Similar to Stefan Sagmeister’s TED talk on the Power of Time Off — sans the seven-year plan with retirement in mind — Marc English discussed how he lives his work and life so equally that there’s no defined separation. There was a harmonica interlude and a sparkle finish where he and his team showered the audience with glitter.
While disorganized, borderline offensive, and overly preoccupied with the audience’s perception of him, I managed to walk away feeling inspired to make changes in my work/life balance:
- Live your life. What are we going to learn sitting at our desks 50+ hours a week? We all need to get out and live our lives. And, of course, figure out some way to write it off at tax time.
- Speak up. Basically anyone can package him/herself as a speaker and sell it to the conference organizers. Look into it. If you have a unique idea that might inspire attendees, practice your stage presence, and write a pitch. What do you have to lose?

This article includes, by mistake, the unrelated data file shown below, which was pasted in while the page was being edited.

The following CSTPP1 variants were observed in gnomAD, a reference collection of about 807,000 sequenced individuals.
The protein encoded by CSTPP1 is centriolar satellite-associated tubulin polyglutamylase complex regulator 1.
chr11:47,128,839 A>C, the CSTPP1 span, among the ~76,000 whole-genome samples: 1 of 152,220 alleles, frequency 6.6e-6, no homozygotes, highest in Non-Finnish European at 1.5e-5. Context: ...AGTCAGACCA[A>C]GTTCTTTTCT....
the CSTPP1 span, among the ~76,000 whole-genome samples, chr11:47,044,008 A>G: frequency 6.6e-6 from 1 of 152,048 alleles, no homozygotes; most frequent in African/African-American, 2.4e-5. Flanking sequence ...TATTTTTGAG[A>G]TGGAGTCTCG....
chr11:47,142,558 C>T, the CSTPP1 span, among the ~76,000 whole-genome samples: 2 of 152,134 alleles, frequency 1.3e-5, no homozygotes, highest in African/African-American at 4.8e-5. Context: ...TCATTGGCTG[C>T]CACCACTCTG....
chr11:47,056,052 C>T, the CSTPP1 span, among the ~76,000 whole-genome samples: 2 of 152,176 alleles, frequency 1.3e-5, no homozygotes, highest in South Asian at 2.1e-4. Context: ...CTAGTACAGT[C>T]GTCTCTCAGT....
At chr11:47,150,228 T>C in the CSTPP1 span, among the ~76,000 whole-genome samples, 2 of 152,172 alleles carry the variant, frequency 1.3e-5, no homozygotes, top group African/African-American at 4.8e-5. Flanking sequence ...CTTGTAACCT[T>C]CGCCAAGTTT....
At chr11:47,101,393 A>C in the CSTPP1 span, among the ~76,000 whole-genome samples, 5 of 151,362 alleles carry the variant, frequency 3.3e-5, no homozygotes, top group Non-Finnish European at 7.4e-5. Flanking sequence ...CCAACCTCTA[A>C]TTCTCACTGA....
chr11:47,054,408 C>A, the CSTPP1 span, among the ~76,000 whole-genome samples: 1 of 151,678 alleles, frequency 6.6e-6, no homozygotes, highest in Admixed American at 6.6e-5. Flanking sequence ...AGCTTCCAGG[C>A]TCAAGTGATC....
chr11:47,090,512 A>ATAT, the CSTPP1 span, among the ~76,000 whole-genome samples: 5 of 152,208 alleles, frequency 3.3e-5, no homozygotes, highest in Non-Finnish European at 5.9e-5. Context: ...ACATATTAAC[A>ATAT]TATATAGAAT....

- Stop and smell the roses. Seriously. We need rests to truly appreciate the moments before and after.
This was not a note-taking session. My only documentation from his lengthy performance is through my cryptic Twitter feed that I managed to fire off as he talked. Then there’s an accidental video that demonstrates my ineptitude with iPhones, and gives you a glimpse of Marc’s sense of humor as he poses with one of the session stragglers who, like me, hung around to soak in more of his positivity and passion for life.
He is quotable. He is inspiring. He is my new hero.
Please note: If you’re ever fortunate enough to see Marc speak, make sure you go to the bathroom before the session. He WILL run over in time and he WILL heckle you if you try and cut out early. But trust me, you won’t want to.
So that’s it.
These takeaways, coupled with some other fun presentations, a few incredibly self-serving presentations, and great live music was my HOW Conference experience. Overall, it was the reminder that we should never stop learning. We really owe it to ourselves to stop working every so often and be reminded why we love what we do.